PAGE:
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What TikTok tells us about our toxic relationship with celebrities

Poppy Atkinson Gibson discusses the sexualisation of young stars on TikTok and reflects on our broken relationship with the media and celebrities.

Child stars have always been a feature of the modern celebrity world. This status, held by the likes of Shirley Temple, Lindsey Lohan, and more recently by Millie Bobby Brown and Finn Wolfhard, is a heavier burden than one might think. In addition to these traditional silver screen stars, notable TikTok influencers such as Charli D’Amelio and Addison Rae have also been welcomed into the fold of early fame which includes its sexualisation of their lives, primarily through their highly-publicised relationships. Whilst the child stars of the early 20th century certainly faced immense pressure and difficulties, social media now adds a perverse layer to the intense scrutiny these children and young adults face. Stars can now make successful careers out of being watched 24/7 – in fact, Addison Rae is reported to have made $5 million this year, making her the current highest earning Tik Tok-er. The job of such celebrities is in no way a 9-5. They are expected to always be on show. And as these individuals dance, joke and show us round their homes and lives, weaving through their friends and relationships, their every move is picked over by vultures, eventually harming these stars. 

For TikTok stars, fame means that their lives are laid bare for all to see. No part of their lives is too insignificant for their audiences to unpick. For example, Charlie D’Amelio recently documented her nose operation (reportedly to help with some breathing difficulties) and in true influencer style condensed the whole procedure into a 16 minute documentary-style clip. This highlights how TikTok-ers feel that they must give their fans an insight into their private lives. Even personal facets of their lives like their dating history are widely reported on by major media outlets including the Daily Mail. Such outlets prey on the average teenage foray into adult relationships and blow it up in size, splashing it across front pages. Whilst this is not overt sexualisation per se, it is nonetheless a sinister force. Such journalism seeks to make these stars adults before their time, treating their personal lives as they would treat hardened celebrities’. These child stars are denied a support system which allows them to flourish as adolescents first and celebrities second. It forces them into the lion’s den, attaching sexual and adult themes to their lives.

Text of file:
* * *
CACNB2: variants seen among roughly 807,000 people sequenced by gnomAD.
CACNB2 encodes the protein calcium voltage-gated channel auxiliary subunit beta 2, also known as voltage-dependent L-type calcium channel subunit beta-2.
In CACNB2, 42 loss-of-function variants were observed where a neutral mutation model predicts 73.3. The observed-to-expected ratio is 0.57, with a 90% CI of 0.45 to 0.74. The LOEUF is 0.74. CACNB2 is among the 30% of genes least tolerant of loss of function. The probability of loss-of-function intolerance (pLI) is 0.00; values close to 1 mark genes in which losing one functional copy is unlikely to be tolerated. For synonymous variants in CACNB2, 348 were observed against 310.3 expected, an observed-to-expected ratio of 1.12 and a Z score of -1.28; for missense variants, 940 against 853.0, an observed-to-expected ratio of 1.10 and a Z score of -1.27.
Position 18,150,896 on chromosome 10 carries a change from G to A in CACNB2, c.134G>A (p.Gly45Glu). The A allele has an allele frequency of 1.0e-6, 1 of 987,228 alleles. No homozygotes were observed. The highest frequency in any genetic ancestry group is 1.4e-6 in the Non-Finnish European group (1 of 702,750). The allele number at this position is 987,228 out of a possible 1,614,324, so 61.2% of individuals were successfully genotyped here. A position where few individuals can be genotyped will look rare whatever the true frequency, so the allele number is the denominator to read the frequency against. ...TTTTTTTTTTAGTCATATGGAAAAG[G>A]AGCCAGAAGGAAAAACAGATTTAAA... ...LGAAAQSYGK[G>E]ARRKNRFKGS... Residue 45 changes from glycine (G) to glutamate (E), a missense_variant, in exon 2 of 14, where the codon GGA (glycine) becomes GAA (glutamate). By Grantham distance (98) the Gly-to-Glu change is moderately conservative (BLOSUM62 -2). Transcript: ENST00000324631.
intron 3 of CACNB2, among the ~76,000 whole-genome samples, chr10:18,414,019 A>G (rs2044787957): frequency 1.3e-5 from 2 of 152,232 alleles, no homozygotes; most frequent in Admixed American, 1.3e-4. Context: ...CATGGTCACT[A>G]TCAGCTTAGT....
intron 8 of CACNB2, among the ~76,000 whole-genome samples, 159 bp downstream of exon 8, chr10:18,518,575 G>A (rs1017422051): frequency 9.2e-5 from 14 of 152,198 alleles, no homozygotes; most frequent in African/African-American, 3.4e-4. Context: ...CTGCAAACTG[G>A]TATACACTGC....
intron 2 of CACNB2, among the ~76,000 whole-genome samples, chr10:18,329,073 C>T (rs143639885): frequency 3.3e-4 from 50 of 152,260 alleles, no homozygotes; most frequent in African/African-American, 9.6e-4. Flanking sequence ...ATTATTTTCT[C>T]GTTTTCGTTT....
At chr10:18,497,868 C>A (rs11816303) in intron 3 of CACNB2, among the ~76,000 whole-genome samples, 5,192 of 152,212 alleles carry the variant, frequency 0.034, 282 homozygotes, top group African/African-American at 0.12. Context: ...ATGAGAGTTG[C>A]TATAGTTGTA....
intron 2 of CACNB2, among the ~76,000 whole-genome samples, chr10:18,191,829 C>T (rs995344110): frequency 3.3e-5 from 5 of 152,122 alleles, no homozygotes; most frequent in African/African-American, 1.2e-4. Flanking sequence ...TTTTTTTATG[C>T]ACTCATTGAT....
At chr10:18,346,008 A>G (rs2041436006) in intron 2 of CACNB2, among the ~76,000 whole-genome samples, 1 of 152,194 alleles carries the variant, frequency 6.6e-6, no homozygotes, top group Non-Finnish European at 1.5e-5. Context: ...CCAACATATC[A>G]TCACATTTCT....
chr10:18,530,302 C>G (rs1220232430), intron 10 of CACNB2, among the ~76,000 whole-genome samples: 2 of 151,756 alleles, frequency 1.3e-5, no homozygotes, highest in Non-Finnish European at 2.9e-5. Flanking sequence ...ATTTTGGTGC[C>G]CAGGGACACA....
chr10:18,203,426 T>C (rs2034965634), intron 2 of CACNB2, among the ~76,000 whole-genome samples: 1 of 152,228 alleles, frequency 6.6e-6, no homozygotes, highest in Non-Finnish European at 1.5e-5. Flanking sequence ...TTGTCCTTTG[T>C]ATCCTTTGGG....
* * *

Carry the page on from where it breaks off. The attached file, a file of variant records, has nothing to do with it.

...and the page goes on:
The issue is that these TikTok-ers, many under 18, are exposed to the full force of the idea of the internet celebrity. They are, possibly without realising it, expected to fulfil a set of behavioural conditions to qualify them as a ‘celebrity’. They are, without consent, adultified by mainstream media; the expectation of these stars to conform to adult behaviours stunts their development as children and young people and will ultimately detrimentally affect their development and mental health. The problem is that sex sells and the media knows it. So the media sexualises one and all and enables them to rise to celebrity status through notoriety. Young stars see this, and are unable to object to it, instead playing to the media. Stories published by papers such as The Sun detail activities of stars including Addison Rae and Bryce Hall, chronicling the “PDA-filled clip of the couple kissing over the weekend” whilst describing Rae as “flaunt[ing] her toned stomach in a red crop top and distressed denim jeans”. Not only do the tabloids sexualise these young adults’ relationships but sexualise their images and bodies too.

Amongst the elite of the TikTok community there have been public Twitter spats, relationships bust ups, and accusations of cheating from individuals ranging from 14 to 18. Such behaviour is not the norm for most teenagers, but is encouraged by mainstream media and its audience as a way to remain ‘relevant’. These stars play at relationships and adult scenarios in the highly stressful and intense world of social media where they are constantly asked to live up to unrealistic expectations. We, the audience, also play into this cycle despite being aware at some level that sex is a powerful tool used by the media.